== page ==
Facebook’s $1-billion purchase of Instagram this month crowned a new poster child for the tech boom and made a hometown hero out of Mike Krieger, the Brazilian cofounder of the picture-sharing app.
The next challenge for Krieger’s aspiring cohort of local tech entrepreneurs: to hit it big without leaving Brazil for Silicon Valley or an Ivy League dorm room.
Their task is getting easier. Brazil’s buzzing tech sector has venture capital funds snapping up stakes in local web startups at an unprecedented pace.
The main draw for investors is Latin America’s biggest consumer market. Brazil already spends $13-billion a year online with just 40 per cent of the country using the Internet - about half the U.S. rate, but rising quickly.
The Internet’s biggest names have been ramping up their presence in Brazil even as broad investment has stagnated in recent months as economic growth slowed.
Facebook tripled its users last year in Brazil, now its third largest market. Netflix launched a streaming service in the country and Amazon is expected to enter the market this year, according to industry sources.
Venture capital investments in Brazil nearly tripled last year by informal estimates. The flood of new capital has turbocharged the valuations of local startups to levels that has some observers warning of a bubble.
Ground zero for Brazil’s tech sector is cosmopolitan Sao Paulo. But smaller hubs have formed in second-tier cities such as Recife, Campinas and Belo Horizonte, an old mining city where faded downtown buildings have been converted into lofts filled with Internet startups.
There is no official data available for venture capital funding in Brazil. But a database compiled by Diogo Gomes, an online entrepreneur and blogger, shows that Brazilian tech startups landed just six venture capital investments in 2009. In 2010 he registered 17 capital injections and by last year the number had climbed to 45.
“At the beginning of 2012, no foreign venture capital fund had yet invested in Brazil. Now there are more than a dozen, the biggest funds in the world, desperately looking for investments here,” said Julio Vasconcellos, chief executive of deal website Peixe Urbano, one of Brazil’s most successful startups.
In January, Morgan Stanley Investment Management and T. Rowe Price Associates made an undisclosed investment in Mr. Vasconcellos’s company. It was the startup’s third cash injection in just over a year.
Shortage of qualified workers
Still, some analysts warn that the same bottlenecks throttling other industries could threaten Brazil’s nascent tech boom, which already confronts a lack of skilled workers, suffocating bureaucracy and a soaring cost of living.
Brazil also lacks a strong entrepreneurial ecosystem with inexpensive legal services, easy promotion and young talent, according to Dave Goldberg, who runs online survey company SurveyMonkey.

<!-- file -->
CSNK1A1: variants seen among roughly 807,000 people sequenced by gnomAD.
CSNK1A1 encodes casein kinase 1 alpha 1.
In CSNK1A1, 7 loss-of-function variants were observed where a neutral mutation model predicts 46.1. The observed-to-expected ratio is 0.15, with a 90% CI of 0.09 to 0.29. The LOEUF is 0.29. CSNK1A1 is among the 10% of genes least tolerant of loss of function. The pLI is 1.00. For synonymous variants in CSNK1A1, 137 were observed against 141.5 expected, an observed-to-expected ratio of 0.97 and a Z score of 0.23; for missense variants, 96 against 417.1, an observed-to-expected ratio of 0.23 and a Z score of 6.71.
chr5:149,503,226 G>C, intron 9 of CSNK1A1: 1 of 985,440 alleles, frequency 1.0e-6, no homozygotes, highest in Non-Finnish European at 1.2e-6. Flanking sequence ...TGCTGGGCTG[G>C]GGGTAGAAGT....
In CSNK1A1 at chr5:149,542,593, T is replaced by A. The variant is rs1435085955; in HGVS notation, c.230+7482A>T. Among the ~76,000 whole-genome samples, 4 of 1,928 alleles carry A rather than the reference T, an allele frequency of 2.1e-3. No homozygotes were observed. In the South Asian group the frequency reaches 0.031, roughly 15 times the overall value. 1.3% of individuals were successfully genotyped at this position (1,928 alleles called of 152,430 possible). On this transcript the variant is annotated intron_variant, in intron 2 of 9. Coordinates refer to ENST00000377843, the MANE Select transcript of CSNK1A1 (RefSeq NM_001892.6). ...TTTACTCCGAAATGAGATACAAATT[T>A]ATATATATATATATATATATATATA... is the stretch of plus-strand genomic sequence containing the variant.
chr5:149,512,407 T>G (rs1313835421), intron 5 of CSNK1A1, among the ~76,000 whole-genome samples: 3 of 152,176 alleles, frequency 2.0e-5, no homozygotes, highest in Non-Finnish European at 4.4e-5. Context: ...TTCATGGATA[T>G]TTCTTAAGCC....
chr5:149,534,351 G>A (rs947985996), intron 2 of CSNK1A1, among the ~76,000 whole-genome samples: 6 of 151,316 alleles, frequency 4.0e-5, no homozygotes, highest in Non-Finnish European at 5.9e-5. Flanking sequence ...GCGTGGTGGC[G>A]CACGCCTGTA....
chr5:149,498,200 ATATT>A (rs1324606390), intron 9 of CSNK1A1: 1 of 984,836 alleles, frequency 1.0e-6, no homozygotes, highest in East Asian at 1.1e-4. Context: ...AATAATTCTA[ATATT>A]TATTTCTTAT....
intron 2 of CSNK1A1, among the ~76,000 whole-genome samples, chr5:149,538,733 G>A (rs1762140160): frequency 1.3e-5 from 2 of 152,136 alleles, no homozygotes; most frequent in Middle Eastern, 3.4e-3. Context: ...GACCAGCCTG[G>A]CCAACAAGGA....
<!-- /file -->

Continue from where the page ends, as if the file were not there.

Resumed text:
“If there is a lot of capital coming in without all of these other (elements) in place, you’ll inflate the value of things,” said Mr. Goldberg, who was in Sao Paulo from Palo Alto to establish a Brazilian foothold for his company.
“Some people think it’s already happening, that valuations are starting to get out of control,” he said.
Capital is coming from U.S.-based funds such as Benchmark Capital, Tiger Global and Redpoint Ventures, Europeans such as Atomico and even regional ones like Argentina’s Kaszek Ventures or Brazil’s Monashees Capital.
Over the last 12 months, Redpoint poured $19-million into the travel site ViajaNet, Atomico raised $8.7-million for the auto parts retailer Connectparts and Tiger and Monashees put $4.4-million into Baby.com.br.
All that cash has set off warning bells.
“The excessive liquidity is causing problems for the industry. Companies have started to lose focus in their business and focus instead on readying themselves for investments,” said Mariano Gomide, an entrepreneur who organizes the country’s top e-commerce conference, E-merging.
“There is a bubble,” he said, estimating Brazilian Internet assets could be overvalued by 30 per cent to 40 per cent.
But others say the venture capital industry has learned its lesson from the Internet bubble of the 1990’s.
“Nobody is willing to pay prices way higher than the value of the assets and risk not getting returns,” said Clovis Meurer, the head of Brazil’s Venture Capital Association.
Kaszek Capital, a $100-million fund that has invested in 16 startups in Latin America, more than half of them in Brazil, says prices are still reasonable.
“In general we see good opportunities to invest in companies with fair valuations,” said Nicolas Szekasy, a partner at Kaszek. “We find excellent entrepreneurs that are going after interesting markets.”
Investors seem more worried about a shortage of talented programmers, trained engineers and seasoned entrepreneurs.
“It is not enough to just have money. You need people who have done it before and can guide the new guys,” said Mr. Goldberg of SurveyMonkey.